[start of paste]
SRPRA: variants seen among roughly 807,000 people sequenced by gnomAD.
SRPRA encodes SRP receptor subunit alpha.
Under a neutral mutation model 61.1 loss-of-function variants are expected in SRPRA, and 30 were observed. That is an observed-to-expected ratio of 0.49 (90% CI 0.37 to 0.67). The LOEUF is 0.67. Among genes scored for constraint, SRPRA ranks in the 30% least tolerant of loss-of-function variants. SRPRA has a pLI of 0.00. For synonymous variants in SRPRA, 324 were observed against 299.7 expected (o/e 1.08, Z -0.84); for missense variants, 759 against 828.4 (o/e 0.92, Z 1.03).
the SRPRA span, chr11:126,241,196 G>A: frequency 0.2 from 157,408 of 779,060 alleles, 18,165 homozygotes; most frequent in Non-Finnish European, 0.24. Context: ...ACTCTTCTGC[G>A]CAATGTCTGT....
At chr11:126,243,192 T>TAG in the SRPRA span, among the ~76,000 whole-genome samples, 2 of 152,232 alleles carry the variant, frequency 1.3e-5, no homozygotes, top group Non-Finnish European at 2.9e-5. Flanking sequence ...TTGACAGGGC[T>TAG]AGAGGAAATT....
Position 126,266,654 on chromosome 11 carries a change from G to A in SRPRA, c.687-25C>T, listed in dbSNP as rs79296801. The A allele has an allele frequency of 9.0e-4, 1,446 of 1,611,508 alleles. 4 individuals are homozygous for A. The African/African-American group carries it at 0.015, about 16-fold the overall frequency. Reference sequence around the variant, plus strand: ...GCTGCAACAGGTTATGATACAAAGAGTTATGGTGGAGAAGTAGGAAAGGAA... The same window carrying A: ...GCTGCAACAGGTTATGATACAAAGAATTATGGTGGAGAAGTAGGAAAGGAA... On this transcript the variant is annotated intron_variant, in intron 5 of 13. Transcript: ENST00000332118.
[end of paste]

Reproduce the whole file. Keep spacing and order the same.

SRPRA: variants seen among roughly 807,000 people sequenced by gnomAD.
SRPRA encodes SRP receptor subunit alpha.
Under a neutral mutation model 61.1 loss-of-function variants are expected in SRPRA, and 30 were observed. That is an observed-to-expected ratio of 0.49 (90% CI 0.37 to 0.67). The LOEUF is 0.67. Among genes scored for constraint, SRPRA ranks in the 30% least tolerant of loss-of-function variants. SRPRA has a pLI of 0.00. For synonymous variants in SRPRA, 324 were observed against 299.7 expected (o/e 1.08, Z -0.84); for missense variants, 759 against 828.4 (o/e 0.92, Z 1.03).
the SRPRA span, chr11:126,241,196 G>A: frequency 0.2 from 157,408 of 779,060 alleles, 18,165 homozygotes; most frequent in Non-Finnish European, 0.24. Context: ...ACTCTTCTGC[G>A]CAATGTCTGT....
At chr11:126,243,192 T>TAG in the SRPRA span, among the ~76,000 whole-genome samples, 2 of 152,232 alleles carry the variant, frequency 1.3e-5, no homozygotes, top group Non-Finnish European at 2.9e-5. Flanking sequence ...TTGACAGGGC[T>TAG]AGAGGAAATT....
Position 126,266,654 on chromosome 11 carries a change from G to A in SRPRA, c.687-25C>T, listed in dbSNP as rs79296801. The A allele has an allele frequency of 9.0e-4, 1,446 of 1,611,508 alleles. 4 individuals are homozygous for A. The African/African-American group carries it at 0.015, about 16-fold the overall frequency. Reference sequence around the variant, plus strand: ...GCTGCAACAGGTTATGATACAAAGAGTTATGGTGGAGAAGTAGGAAAGGAA... The same window carrying A: ...GCTGCAACAGGTTATGATACAAAGAATTATGGTGGAGAAGTAGGAAAGGAA... On this transcript the variant is annotated intron_variant, in intron 5 of 13. Transcript: ENST00000332118.